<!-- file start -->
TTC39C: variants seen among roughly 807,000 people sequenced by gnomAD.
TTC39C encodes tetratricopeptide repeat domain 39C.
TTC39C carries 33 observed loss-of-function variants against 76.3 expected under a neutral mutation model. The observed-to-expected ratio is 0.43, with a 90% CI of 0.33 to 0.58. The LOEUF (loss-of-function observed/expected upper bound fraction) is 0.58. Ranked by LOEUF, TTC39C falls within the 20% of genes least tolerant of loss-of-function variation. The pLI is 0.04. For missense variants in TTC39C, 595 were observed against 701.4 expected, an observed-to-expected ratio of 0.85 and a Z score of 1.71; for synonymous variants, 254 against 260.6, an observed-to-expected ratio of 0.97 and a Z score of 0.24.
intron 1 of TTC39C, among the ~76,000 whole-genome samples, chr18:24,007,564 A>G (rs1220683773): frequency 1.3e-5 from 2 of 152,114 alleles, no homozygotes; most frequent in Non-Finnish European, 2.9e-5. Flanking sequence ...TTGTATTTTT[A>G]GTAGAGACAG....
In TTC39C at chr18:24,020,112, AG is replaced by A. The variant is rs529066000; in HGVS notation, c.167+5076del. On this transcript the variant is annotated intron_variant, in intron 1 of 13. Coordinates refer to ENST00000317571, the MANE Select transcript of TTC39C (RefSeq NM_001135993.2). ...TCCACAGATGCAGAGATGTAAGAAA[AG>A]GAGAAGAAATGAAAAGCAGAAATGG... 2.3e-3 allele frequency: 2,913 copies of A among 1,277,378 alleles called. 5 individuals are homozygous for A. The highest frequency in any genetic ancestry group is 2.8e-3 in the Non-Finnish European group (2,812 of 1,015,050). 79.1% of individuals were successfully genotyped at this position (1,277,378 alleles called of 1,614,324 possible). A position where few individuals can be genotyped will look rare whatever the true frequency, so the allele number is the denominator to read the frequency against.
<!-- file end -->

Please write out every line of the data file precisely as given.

TTC39C: variants seen among roughly 807,000 people sequenced by gnomAD.
TTC39C encodes tetratricopeptide repeat domain 39C.
TTC39C carries 33 observed loss-of-function variants against 76.3 expected under a neutral mutation model. The observed-to-expected ratio is 0.43, with a 90% CI of 0.33 to 0.58. The LOEUF (loss-of-function observed/expected upper bound fraction) is 0.58. Ranked by LOEUF, TTC39C falls within the 20% of genes least tolerant of loss-of-function variation. The pLI is 0.04. For missense variants in TTC39C, 595 were observed against 701.4 expected, an observed-to-expected ratio of 0.85 and a Z score of 1.71; for synonymous variants, 254 against 260.6, an observed-to-expected ratio of 0.97 and a Z score of 0.24.
intron 1 of TTC39C, among the ~76,000 whole-genome samples, chr18:24,007,564 A>G (rs1220683773): frequency 1.3e-5 from 2 of 152,114 alleles, no homozygotes; most frequent in Non-Finnish European, 2.9e-5. Flanking sequence ...TTGTATTTTT[A>G]GTAGAGACAG....
In TTC39C at chr18:24,020,112, AG is replaced by A. The variant is rs529066000; in HGVS notation, c.167+5076del. On this transcript the variant is annotated intron_variant, in intron 1 of 13. Coordinates refer to ENST00000317571, the MANE Select transcript of TTC39C (RefSeq NM_001135993.2). ...TCCACAGATGCAGAGATGTAAGAAA[AG>A]GAGAAGAAATGAAAAGCAGAAATGG... 2.3e-3 allele frequency: 2,913 copies of A among 1,277,378 alleles called. 5 individuals are homozygous for A. The highest frequency in any genetic ancestry group is 2.8e-3 in the Non-Finnish European group (2,812 of 1,015,050). 79.1% of individuals were successfully genotyped at this position (1,277,378 alleles called of 1,614,324 possible). A position where few individuals can be genotyped will look rare whatever the true frequency, so the allele number is the denominator to read the frequency against.